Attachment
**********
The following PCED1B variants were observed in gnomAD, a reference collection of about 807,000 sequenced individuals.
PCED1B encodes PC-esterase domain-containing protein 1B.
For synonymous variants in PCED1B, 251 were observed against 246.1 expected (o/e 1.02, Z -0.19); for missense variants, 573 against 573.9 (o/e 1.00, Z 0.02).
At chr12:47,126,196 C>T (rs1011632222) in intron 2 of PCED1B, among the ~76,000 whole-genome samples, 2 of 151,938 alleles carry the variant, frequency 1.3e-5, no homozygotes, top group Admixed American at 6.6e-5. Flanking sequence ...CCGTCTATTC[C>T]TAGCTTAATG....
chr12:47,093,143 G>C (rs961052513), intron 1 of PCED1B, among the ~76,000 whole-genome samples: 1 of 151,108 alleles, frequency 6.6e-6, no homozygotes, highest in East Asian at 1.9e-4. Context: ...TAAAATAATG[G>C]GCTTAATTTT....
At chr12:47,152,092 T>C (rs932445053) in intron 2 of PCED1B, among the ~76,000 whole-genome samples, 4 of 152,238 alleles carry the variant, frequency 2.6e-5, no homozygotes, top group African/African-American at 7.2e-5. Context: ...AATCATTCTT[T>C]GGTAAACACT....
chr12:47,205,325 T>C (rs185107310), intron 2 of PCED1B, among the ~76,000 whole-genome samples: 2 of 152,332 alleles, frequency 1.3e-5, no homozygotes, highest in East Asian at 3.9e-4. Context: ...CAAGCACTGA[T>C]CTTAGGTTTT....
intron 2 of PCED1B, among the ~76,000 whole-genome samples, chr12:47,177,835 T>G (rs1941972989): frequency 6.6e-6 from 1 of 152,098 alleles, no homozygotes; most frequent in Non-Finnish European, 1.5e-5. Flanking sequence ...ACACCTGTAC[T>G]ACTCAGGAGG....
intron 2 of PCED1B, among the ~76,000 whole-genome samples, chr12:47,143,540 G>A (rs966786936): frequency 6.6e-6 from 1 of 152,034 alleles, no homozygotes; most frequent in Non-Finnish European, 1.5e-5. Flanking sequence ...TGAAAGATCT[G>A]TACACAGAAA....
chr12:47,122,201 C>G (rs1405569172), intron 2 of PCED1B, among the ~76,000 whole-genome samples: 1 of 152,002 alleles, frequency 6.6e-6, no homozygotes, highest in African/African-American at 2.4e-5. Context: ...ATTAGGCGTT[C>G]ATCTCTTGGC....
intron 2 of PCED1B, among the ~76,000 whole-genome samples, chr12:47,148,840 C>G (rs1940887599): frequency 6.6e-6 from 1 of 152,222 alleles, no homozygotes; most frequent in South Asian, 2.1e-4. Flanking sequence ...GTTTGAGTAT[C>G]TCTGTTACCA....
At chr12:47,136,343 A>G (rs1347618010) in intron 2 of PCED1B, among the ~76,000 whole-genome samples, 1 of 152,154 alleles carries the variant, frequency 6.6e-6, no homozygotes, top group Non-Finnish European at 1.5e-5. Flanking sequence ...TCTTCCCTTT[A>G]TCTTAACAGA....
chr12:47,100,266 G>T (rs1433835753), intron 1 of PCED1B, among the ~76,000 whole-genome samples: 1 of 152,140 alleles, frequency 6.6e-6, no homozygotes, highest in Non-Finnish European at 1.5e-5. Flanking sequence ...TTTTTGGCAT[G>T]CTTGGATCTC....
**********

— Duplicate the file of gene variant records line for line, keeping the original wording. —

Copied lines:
The following PCED1B variants were observed in gnomAD, a reference collection of about 807,000 sequenced individuals.
PCED1B encodes PC-esterase domain-containing protein 1B.
For synonymous variants in PCED1B, 251 were observed against 246.1 expected (o/e 1.02, Z -0.19); for missense variants, 573 against 573.9 (o/e 1.00, Z 0.02).
At chr12:47,126,196 C>T (rs1011632222) in intron 2 of PCED1B, among the ~76,000 whole-genome samples, 2 of 151,938 alleles carry the variant, frequency 1.3e-5, no homozygotes, top group Admixed American at 6.6e-5. Flanking sequence ...CCGTCTATTC[C>T]TAGCTTAATG....
chr12:47,093,143 G>C (rs961052513), intron 1 of PCED1B, among the ~76,000 whole-genome samples: 1 of 151,108 alleles, frequency 6.6e-6, no homozygotes, highest in East Asian at 1.9e-4. Context: ...TAAAATAATG[G>C]GCTTAATTTT....
At chr12:47,152,092 T>C (rs932445053) in intron 2 of PCED1B, among the ~76,000 whole-genome samples, 4 of 152,238 alleles carry the variant, frequency 2.6e-5, no homozygotes, top group African/African-American at 7.2e-5. Context: ...AATCATTCTT[T>C]GGTAAACACT....
chr12:47,205,325 T>C (rs185107310), intron 2 of PCED1B, among the ~76,000 whole-genome samples: 2 of 152,332 alleles, frequency 1.3e-5, no homozygotes, highest in East Asian at 3.9e-4. Context: ...CAAGCACTGA[T>C]CTTAGGTTTT....
intron 2 of PCED1B, among the ~76,000 whole-genome samples, chr12:47,177,835 T>G (rs1941972989): frequency 6.6e-6 from 1 of 152,098 alleles, no homozygotes; most frequent in Non-Finnish European, 1.5e-5. Flanking sequence ...ACACCTGTAC[T>G]ACTCAGGAGG....
intron 2 of PCED1B, among the ~76,000 whole-genome samples, chr12:47,143,540 G>A (rs966786936): frequency 6.6e-6 from 1 of 152,034 alleles, no homozygotes; most frequent in Non-Finnish European, 1.5e-5. Flanking sequence ...TGAAAGATCT[G>A]TACACAGAAA....
chr12:47,122,201 C>G (rs1405569172), intron 2 of PCED1B, among the ~76,000 whole-genome samples: 1 of 152,002 alleles, frequency 6.6e-6, no homozygotes, highest in African/African-American at 2.4e-5. Context: ...ATTAGGCGTT[C>G]ATCTCTTGGC....
intron 2 of PCED1B, among the ~76,000 whole-genome samples, chr12:47,148,840 C>G (rs1940887599): frequency 6.6e-6 from 1 of 152,222 alleles, no homozygotes; most frequent in South Asian, 2.1e-4. Flanking sequence ...GTTTGAGTAT[C>G]TCTGTTACCA....
At chr12:47,136,343 A>G (rs1347618010) in intron 2 of PCED1B, among the ~76,000 whole-genome samples, 1 of 152,154 alleles carries the variant, frequency 6.6e-6, no homozygotes, top group Non-Finnish European at 1.5e-5. Flanking sequence ...TCTTCCCTTT[A>G]TCTTAACAGA....
chr12:47,100,266 G>T (rs1433835753), intron 1 of PCED1B, among the ~76,000 whole-genome samples: 1 of 152,140 alleles, frequency 6.6e-6, no homozygotes, highest in Non-Finnish European at 1.5e-5. Flanking sequence ...TTTTTGGCAT[G>T]CTTGGATCTC....